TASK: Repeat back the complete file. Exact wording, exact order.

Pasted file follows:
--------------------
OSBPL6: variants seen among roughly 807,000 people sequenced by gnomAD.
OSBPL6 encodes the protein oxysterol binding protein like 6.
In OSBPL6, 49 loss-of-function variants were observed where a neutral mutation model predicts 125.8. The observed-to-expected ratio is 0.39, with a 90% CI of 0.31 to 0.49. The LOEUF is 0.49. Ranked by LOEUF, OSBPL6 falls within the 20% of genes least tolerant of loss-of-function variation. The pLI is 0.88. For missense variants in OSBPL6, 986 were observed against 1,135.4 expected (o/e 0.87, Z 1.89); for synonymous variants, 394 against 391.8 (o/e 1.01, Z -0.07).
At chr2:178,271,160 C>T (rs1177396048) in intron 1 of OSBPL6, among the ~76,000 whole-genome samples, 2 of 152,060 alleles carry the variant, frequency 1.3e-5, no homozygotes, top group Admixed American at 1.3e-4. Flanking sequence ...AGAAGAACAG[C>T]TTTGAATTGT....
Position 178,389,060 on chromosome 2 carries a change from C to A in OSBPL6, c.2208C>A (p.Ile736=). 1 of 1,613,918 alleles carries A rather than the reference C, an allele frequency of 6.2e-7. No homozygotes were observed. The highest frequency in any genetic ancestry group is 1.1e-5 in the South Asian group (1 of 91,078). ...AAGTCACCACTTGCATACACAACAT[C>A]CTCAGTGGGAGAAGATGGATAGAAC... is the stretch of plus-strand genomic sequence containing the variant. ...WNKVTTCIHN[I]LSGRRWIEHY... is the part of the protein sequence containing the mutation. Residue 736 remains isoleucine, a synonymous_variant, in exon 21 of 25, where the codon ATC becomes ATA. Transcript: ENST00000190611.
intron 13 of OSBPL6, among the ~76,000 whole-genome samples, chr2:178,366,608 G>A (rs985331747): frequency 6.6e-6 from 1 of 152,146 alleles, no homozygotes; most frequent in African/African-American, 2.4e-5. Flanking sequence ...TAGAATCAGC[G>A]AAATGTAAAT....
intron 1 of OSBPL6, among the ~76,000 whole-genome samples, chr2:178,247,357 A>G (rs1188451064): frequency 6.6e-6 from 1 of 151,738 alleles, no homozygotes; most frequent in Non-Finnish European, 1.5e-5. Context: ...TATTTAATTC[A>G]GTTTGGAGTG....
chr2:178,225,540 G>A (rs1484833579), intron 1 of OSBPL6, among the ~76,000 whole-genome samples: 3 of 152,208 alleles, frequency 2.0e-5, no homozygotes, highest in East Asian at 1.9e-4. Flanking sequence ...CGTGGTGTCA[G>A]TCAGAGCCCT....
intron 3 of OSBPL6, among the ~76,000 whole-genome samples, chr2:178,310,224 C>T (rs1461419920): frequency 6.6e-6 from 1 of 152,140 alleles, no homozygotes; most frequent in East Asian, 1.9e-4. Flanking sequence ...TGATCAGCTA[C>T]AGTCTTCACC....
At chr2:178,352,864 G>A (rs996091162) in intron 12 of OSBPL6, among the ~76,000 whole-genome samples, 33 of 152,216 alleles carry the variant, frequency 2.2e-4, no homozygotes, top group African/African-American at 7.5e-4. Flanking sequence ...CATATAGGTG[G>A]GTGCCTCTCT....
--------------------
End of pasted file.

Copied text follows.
OSBPL6: variants seen among roughly 807,000 people sequenced by gnomAD.
OSBPL6 encodes the protein oxysterol binding protein like 6.
In OSBPL6, 49 loss-of-function variants were observed where a neutral mutation model predicts 125.8. The observed-to-expected ratio is 0.39, with a 90% CI of 0.31 to 0.49. The LOEUF is 0.49. Ranked by LOEUF, OSBPL6 falls within the 20% of genes least tolerant of loss-of-function variation. The pLI is 0.88. For missense variants in OSBPL6, 986 were observed against 1,135.4 expected (o/e 0.87, Z 1.89); for synonymous variants, 394 against 391.8 (o/e 1.01, Z -0.07).
At chr2:178,271,160 C>T (rs1177396048) in intron 1 of OSBPL6, among the ~76,000 whole-genome samples, 2 of 152,060 alleles carry the variant, frequency 1.3e-5, no homozygotes, top group Admixed American at 1.3e-4. Flanking sequence ...AGAAGAACAG[C>T]TTTGAATTGT....
Position 178,389,060 on chromosome 2 carries a change from C to A in OSBPL6, c.2208C>A (p.Ile736=). 1 of 1,613,918 alleles carries A rather than the reference C, an allele frequency of 6.2e-7. No homozygotes were observed. The highest frequency in any genetic ancestry group is 1.1e-5 in the South Asian group (1 of 91,078). ...AAGTCACCACTTGCATACACAACAT[C>A]CTCAGTGGGAGAAGATGGATAGAAC... is the stretch of plus-strand genomic sequence containing the variant. ...WNKVTTCIHN[I]LSGRRWIEHY... is the part of the protein sequence containing the mutation. Residue 736 remains isoleucine, a synonymous_variant, in exon 21 of 25, where the codon ATC becomes ATA. Transcript: ENST00000190611.
intron 13 of OSBPL6, among the ~76,000 whole-genome samples, chr2:178,366,608 G>A (rs985331747): frequency 6.6e-6 from 1 of 152,146 alleles, no homozygotes; most frequent in African/African-American, 2.4e-5. Flanking sequence ...TAGAATCAGC[G>A]AAATGTAAAT....
intron 1 of OSBPL6, among the ~76,000 whole-genome samples, chr2:178,247,357 A>G (rs1188451064): frequency 6.6e-6 from 1 of 151,738 alleles, no homozygotes; most frequent in Non-Finnish European, 1.5e-5. Context: ...TATTTAATTC[A>G]GTTTGGAGTG....
chr2:178,225,540 G>A (rs1484833579), intron 1 of OSBPL6, among the ~76,000 whole-genome samples: 3 of 152,208 alleles, frequency 2.0e-5, no homozygotes, highest in East Asian at 1.9e-4. Flanking sequence ...CGTGGTGTCA[G>A]TCAGAGCCCT....
intron 3 of OSBPL6, among the ~76,000 whole-genome samples, chr2:178,310,224 C>T (rs1461419920): frequency 6.6e-6 from 1 of 152,140 alleles, no homozygotes; most frequent in East Asian, 1.9e-4. Flanking sequence ...TGATCAGCTA[C>T]AGTCTTCACC....
At chr2:178,352,864 G>A (rs996091162) in intron 12 of OSBPL6, among the ~76,000 whole-genome samples, 33 of 152,216 alleles carry the variant, frequency 2.2e-4, no homozygotes, top group African/African-American at 7.5e-4. Flanking sequence ...CATATAGGTG[G>A]GTGCCTCTCT....